ASTRA Mining’s claims of gold bonanzas in June were greeted with disbelief by Cambodia’s mining community. But a claim that the company will deliver gold for shareholders within a year has been met with even greater incredulity.
And rightly so. OZ Minerals, a tested if somewhat troubled international company, began its Cambodian operations in 2006 but has yet to extract an ounce of gold from its allegedly gold-rich concession in Mondulkiri province.
Astra, of course, is the Aust-ralian firm that first entered the Kingdom’s mining sector last spring, announcing the intention to buy a potentially significant gold concession in the O’Yadao district of Ratanakkiri province.
The company was unknown to Cambodian operat-ors, however, and a report in the Sydney Morning Herald dredged up Astra CEO Jaydeep Biswas’s allegedly questionable past.
So it was with great surprise that Astra this week did in fact announce the impending acquisition of that very O’Yadao concession – and predicted gold extraction within 12 months of the deal’s close.
As many as 350,000 ounces could be proven within a year, a company statement said, as soon as an environmental impact assessment was completed and an exploitation lic-ence granted by the Ministry of Industry, Mines and Energy.
Astra yesterday did not immediately reply to requests for comment, but insiders put the company’s claims in perspective.
A company must undergo an extensive process of research, exploration and study before extraction could take place, Cambodian Association of Mining and Exploration Companies president Richard Stanger said.
That includes everything from finding a prospective area to mapping the rock formations underneath.
Many drill-core samples are needed to generate data enough to prove a gold deposit is worth extracting.
Feasibility studies are therefore conducted with cost and ore-reserve calculations, and later environmental impact assessments.
Only after a company is certain that gold extraction is fin-ancially viable does it submit an exploitation application to MIME and the Council for the Development of Cambodia.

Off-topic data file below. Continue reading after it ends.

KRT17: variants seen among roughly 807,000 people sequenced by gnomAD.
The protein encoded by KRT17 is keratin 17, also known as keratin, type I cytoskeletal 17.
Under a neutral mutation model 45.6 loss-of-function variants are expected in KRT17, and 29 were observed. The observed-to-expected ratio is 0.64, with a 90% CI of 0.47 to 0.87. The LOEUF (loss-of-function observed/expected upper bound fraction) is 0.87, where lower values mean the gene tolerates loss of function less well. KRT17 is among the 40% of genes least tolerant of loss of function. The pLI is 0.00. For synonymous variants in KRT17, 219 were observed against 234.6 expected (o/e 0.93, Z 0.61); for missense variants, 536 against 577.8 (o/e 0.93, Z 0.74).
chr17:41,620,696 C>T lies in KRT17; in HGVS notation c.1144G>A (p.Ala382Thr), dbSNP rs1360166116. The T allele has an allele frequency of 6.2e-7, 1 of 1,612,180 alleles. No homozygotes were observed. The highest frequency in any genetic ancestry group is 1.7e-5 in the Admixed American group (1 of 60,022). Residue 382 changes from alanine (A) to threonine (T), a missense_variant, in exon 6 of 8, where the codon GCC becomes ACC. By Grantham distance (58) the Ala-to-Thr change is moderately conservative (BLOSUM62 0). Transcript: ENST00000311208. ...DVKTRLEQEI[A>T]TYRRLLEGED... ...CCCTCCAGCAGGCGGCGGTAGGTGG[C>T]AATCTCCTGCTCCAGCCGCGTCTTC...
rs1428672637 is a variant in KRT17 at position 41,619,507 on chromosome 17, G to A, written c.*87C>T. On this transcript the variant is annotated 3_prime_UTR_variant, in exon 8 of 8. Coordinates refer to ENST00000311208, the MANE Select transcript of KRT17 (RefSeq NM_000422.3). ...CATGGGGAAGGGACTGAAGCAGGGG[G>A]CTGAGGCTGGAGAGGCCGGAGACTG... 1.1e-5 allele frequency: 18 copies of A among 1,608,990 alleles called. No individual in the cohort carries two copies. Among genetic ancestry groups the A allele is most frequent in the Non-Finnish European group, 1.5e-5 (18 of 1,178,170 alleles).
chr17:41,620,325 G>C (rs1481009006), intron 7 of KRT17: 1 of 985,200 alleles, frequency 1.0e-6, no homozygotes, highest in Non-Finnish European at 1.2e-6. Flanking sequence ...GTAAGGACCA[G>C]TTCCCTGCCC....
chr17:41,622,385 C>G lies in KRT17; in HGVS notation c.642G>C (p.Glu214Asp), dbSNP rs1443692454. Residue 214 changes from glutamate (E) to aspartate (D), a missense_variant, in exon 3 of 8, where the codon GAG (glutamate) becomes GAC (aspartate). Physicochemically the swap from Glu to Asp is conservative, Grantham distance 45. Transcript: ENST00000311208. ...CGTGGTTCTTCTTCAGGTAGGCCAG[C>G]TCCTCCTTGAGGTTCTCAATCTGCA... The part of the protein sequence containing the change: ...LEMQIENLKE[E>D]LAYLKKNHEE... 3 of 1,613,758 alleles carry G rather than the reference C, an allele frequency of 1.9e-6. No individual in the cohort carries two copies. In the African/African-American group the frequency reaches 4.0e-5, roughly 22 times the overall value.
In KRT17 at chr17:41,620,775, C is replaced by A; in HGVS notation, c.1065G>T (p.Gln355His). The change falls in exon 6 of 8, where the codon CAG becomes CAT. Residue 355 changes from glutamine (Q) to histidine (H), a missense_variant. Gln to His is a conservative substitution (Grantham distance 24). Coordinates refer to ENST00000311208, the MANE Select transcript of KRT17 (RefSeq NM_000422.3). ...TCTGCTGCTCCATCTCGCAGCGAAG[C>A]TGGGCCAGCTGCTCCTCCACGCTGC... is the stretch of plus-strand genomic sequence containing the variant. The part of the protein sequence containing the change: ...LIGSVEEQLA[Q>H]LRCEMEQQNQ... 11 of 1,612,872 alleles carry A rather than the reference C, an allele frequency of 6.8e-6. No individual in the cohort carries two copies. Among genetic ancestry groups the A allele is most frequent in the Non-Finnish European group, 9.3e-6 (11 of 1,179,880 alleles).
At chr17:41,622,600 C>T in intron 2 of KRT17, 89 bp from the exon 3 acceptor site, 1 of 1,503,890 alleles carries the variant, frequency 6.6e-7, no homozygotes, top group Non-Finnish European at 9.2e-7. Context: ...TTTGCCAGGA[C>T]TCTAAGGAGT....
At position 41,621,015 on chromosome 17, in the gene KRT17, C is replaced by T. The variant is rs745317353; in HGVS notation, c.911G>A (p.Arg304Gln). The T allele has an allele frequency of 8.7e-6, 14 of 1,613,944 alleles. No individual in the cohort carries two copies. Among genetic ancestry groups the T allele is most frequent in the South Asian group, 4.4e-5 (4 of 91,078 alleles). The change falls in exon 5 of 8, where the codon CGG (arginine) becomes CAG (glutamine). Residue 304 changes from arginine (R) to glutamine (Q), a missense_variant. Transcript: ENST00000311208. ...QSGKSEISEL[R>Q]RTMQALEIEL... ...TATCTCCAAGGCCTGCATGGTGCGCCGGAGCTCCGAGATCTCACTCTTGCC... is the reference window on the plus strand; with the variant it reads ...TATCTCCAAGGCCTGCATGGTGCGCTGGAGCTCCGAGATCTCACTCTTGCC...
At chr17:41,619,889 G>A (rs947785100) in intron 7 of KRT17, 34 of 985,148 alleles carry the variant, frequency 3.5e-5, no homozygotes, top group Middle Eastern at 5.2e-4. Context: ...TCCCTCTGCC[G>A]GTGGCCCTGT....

Then it still needs to build a plant, as well as hire and train staff to operate it.
Such an endeavour would require “nothing short of three years”, Stanger said, and only if the company in question had a proven resource of gold.
“I can’t imagine how you’d do it in a year, unless it was a small-scale operation.”
Stanger noted that OZ Minerals had been exploring in Cambodia for five years, most likely spending more than US$20 million in the process, yet so far boasted only a reported 605,000-ounce “inferred” resource of gold.
That deposit would need to reach “reserve” classification before OZ would be willing to apply for a licence to extract, and there’s still no deadline for when it plans to do the actual extraction.
Perhaps Astra is much further along in the process than is otherwise assumed.
Indeed, it’s not alone in expecting a quick turnaround on its Cambodian investment.
PIMA-D&D International Ltd, a joint venture by Cambodia-based D&D Pattnaik Group and Kuwaiti Pima International, announced last month that it would be ready to export gold from its mines in two years.
CEO and vice-chairman Debasish Pattnaik said yesterday there were reasons his company would meet its deadline, namely the expertise of chairman Dr K P R Raja.
Raja had extensive experience in Africa, and would leverage his time there to generate better-than-expected results in the Kingdom, he said.
Debasish Pattnaik also pointed to the type of mining method used to extract the gold, among other factors, as well as saying some of the more established companies were merely using exploration as a means to boost their share value – hence their slow movement to extraction.
Still, it’s hard to negate the expertise of seasoned professionals who have been operating in the Kingdom for many years.
Gold extraction, when it fin-ally happens, will greatly benefit Cambodia, both through job creation and tax revenues.
But it remains to be seen whether these companies can deliver on their promises.
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